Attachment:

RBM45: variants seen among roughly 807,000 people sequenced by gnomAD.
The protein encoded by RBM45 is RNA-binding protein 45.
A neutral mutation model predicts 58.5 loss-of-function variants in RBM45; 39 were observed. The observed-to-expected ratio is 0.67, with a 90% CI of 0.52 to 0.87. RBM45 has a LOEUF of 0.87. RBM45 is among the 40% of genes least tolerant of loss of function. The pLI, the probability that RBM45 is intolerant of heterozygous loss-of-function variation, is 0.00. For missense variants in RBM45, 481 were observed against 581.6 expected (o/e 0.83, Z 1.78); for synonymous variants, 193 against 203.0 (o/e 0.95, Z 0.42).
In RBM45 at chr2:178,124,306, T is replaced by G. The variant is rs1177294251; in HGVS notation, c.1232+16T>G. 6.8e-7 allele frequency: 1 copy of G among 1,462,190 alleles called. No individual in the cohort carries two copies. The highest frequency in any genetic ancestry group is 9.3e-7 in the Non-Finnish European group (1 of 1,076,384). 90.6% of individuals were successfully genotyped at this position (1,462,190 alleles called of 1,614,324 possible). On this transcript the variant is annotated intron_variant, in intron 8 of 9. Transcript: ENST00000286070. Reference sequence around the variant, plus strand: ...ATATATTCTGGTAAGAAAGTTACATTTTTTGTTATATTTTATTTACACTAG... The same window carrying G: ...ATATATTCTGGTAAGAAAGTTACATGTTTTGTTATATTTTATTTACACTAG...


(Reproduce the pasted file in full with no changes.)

RBM45: variants seen among roughly 807,000 people sequenced by gnomAD.
The protein encoded by RBM45 is RNA-binding protein 45.
A neutral mutation model predicts 58.5 loss-of-function variants in RBM45; 39 were observed. The observed-to-expected ratio is 0.67, with a 90% CI of 0.52 to 0.87. RBM45 has a LOEUF of 0.87. RBM45 is among the 40% of genes least tolerant of loss of function. The pLI, the probability that RBM45 is intolerant of heterozygous loss-of-function variation, is 0.00. For missense variants in RBM45, 481 were observed against 581.6 expected (o/e 0.83, Z 1.78); for synonymous variants, 193 against 203.0 (o/e 0.95, Z 0.42).
In RBM45 at chr2:178,124,306, T is replaced by G. The variant is rs1177294251; in HGVS notation, c.1232+16T>G. 6.8e-7 allele frequency: 1 copy of G among 1,462,190 alleles called. No individual in the cohort carries two copies. The highest frequency in any genetic ancestry group is 9.3e-7 in the Non-Finnish European group (1 of 1,076,384). 90.6% of individuals were successfully genotyped at this position (1,462,190 alleles called of 1,614,324 possible). On this transcript the variant is annotated intron_variant, in intron 8 of 9. Transcript: ENST00000286070. Reference sequence around the variant, plus strand: ...ATATATTCTGGTAAGAAAGTTACATTTTTTGTTATATTTTATTTACACTAG... The same window carrying G: ...ATATATTCTGGTAAGAAAGTTACATGTTTTGTTATATTTTATTTACACTAG...